BY DEBRA KEEFER RAMAGE
No, we’re not telling you WHO to vote for, this article is literally about HOW to vote.
The primary ballot composition involves a few caveats to ensure you don’t spoil your ballot. No doubt you will get this spiel when you go to the polls, but this is a belt-and-suspenders approach.
The Republican, DFL, and, if relevant, one or both “Weed Party” selections are on the same physical ballot, even though you are only allowed to vote for candidates in a single party for partisan races. Then, to make it even more complex, there are races that are nonpartisan, where the primary election outcome eliminates all but the top two vote-getters. And when it says only vote in one party, that means for the entire partisan part of the ballot. This is simplified by the Secretary of State’s office to: “Don’t cross the line between columns.”
Hopefully, the nonpartisan races won’t be arranged in columns, to make it visibly apparent that all voters can vote for any of them, as per the instructions. At least they’re on the flip side of the ballot, so that helps.
There is such a thing as strategic or cross-over voting, especially in primaries. For example, you may reason that the governor’s primary race is a walk in the park for the DFL incumbent, and you think that if the top contender for the Republican ticket, Scott Jensen, gets the nomination he is not only a possible winner in the general, but he would make a much more dangerous governor for Minnesota. In such a scenario, you might be tempted to vote in the Republican primary in this race for Bob Carney, Jr., even though you plan to vote DFL in the general. But beware! This is only a viable plan if all your other DFL primary races are similarly either “safe” for your preferred candidates or you have no clear preference. Remember, if you vote in the Republican column for any race, you cannot vote in any DFL race on that ballot or it will be rejected.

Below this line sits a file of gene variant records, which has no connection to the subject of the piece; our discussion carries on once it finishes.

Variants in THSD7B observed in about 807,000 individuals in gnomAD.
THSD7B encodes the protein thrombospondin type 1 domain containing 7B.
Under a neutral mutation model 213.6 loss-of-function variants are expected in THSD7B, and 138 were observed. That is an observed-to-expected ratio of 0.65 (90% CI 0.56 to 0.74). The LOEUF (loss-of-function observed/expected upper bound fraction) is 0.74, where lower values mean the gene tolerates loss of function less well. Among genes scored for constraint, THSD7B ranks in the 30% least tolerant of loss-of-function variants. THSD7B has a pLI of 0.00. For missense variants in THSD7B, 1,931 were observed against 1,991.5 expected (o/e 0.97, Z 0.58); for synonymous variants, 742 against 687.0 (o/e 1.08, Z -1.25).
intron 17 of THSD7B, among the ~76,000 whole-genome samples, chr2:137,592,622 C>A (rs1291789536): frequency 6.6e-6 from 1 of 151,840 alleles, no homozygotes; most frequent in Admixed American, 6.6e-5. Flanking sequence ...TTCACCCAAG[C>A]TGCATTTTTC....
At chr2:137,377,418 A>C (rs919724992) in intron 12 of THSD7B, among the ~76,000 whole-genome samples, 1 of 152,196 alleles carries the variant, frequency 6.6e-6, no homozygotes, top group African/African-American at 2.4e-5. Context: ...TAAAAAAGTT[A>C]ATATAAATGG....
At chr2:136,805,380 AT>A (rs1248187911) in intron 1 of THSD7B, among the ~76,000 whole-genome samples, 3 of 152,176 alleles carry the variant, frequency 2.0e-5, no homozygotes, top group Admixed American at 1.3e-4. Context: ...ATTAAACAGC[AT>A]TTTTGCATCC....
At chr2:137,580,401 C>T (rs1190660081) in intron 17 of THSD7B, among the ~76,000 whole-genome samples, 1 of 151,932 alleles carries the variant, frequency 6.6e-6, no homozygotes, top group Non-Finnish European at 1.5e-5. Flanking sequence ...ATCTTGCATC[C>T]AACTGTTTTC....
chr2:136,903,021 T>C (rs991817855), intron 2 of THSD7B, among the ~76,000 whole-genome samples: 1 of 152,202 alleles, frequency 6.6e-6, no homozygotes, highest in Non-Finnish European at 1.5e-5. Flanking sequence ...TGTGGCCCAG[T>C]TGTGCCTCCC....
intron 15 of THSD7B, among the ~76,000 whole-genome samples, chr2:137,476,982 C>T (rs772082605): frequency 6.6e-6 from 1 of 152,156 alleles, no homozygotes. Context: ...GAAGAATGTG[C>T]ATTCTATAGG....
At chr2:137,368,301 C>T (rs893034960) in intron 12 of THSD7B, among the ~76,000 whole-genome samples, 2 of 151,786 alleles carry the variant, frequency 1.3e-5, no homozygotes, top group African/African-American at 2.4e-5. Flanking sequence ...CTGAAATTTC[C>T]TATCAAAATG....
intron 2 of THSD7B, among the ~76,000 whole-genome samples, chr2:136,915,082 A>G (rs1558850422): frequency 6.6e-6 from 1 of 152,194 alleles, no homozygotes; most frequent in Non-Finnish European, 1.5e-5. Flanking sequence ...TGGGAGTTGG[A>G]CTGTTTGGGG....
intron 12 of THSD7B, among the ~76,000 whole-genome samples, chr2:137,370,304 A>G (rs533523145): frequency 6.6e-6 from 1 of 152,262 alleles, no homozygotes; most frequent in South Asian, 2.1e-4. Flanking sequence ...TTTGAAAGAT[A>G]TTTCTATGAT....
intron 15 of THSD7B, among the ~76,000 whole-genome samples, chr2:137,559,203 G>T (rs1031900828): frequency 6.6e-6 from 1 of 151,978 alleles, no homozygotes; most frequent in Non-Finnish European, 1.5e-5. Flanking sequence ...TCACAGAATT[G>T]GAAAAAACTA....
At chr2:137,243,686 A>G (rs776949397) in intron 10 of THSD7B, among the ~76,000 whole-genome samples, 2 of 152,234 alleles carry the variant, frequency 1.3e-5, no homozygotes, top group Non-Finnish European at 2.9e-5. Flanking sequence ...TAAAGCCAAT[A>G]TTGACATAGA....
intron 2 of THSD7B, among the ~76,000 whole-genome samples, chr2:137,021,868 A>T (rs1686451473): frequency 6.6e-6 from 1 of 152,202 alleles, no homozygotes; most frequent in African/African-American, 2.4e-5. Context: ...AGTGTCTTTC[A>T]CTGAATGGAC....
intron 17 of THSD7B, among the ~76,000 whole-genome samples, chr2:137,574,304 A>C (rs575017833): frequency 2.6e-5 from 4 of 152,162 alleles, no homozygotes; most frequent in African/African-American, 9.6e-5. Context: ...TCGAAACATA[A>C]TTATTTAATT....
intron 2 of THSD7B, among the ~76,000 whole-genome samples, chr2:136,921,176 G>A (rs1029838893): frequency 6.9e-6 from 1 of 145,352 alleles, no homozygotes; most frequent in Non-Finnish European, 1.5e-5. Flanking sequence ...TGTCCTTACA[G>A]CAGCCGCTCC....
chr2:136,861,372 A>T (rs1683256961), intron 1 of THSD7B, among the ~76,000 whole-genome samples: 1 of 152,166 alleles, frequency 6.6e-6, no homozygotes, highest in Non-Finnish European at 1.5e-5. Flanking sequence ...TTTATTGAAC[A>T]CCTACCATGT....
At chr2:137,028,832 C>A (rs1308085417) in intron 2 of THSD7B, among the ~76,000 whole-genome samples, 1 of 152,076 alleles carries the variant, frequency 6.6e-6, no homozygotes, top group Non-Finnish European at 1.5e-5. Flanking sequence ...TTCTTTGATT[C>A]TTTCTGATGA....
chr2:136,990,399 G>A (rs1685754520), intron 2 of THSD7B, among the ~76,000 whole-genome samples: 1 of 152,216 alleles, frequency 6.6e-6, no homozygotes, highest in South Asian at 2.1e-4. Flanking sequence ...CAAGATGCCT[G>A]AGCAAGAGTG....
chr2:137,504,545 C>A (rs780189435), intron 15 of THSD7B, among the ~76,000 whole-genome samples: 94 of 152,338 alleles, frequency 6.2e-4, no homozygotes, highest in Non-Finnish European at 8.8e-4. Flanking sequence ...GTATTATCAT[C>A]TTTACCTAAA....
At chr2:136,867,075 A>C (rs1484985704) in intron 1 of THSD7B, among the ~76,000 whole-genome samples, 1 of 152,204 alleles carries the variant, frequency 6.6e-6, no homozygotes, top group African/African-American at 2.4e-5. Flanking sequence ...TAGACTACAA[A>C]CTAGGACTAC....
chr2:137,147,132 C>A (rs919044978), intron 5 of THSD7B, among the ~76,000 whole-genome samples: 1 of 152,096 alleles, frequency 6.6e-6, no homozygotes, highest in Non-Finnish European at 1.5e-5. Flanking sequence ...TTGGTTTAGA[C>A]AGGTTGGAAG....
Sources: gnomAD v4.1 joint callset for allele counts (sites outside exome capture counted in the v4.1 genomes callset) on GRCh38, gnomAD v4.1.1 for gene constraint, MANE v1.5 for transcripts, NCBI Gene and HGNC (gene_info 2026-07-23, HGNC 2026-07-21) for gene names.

Now, when to vote? And, if voting early, should you vote in person or by mail? All those options are on the table. In-person and absentee (by mail) voting are open NOW and in-person polling places remain open until 5 p.m. on Monday, Aug. 8. You can also ask for a mail ballot, but then personally deliver it to volunteers outside the in-person polling place assigned to you rather than actually mailing it. If you don’t do any of those, vote in person on Aug. 9. Your polling place may have changed, so look it up online before you go. I have been voting early in person ever since that option was first offered and I love it. Much less stress. Again, if you have any questions or doubts, call the Minnesota Secretary of State’s office at 651-215-1440 or visit sos.state.mn.us.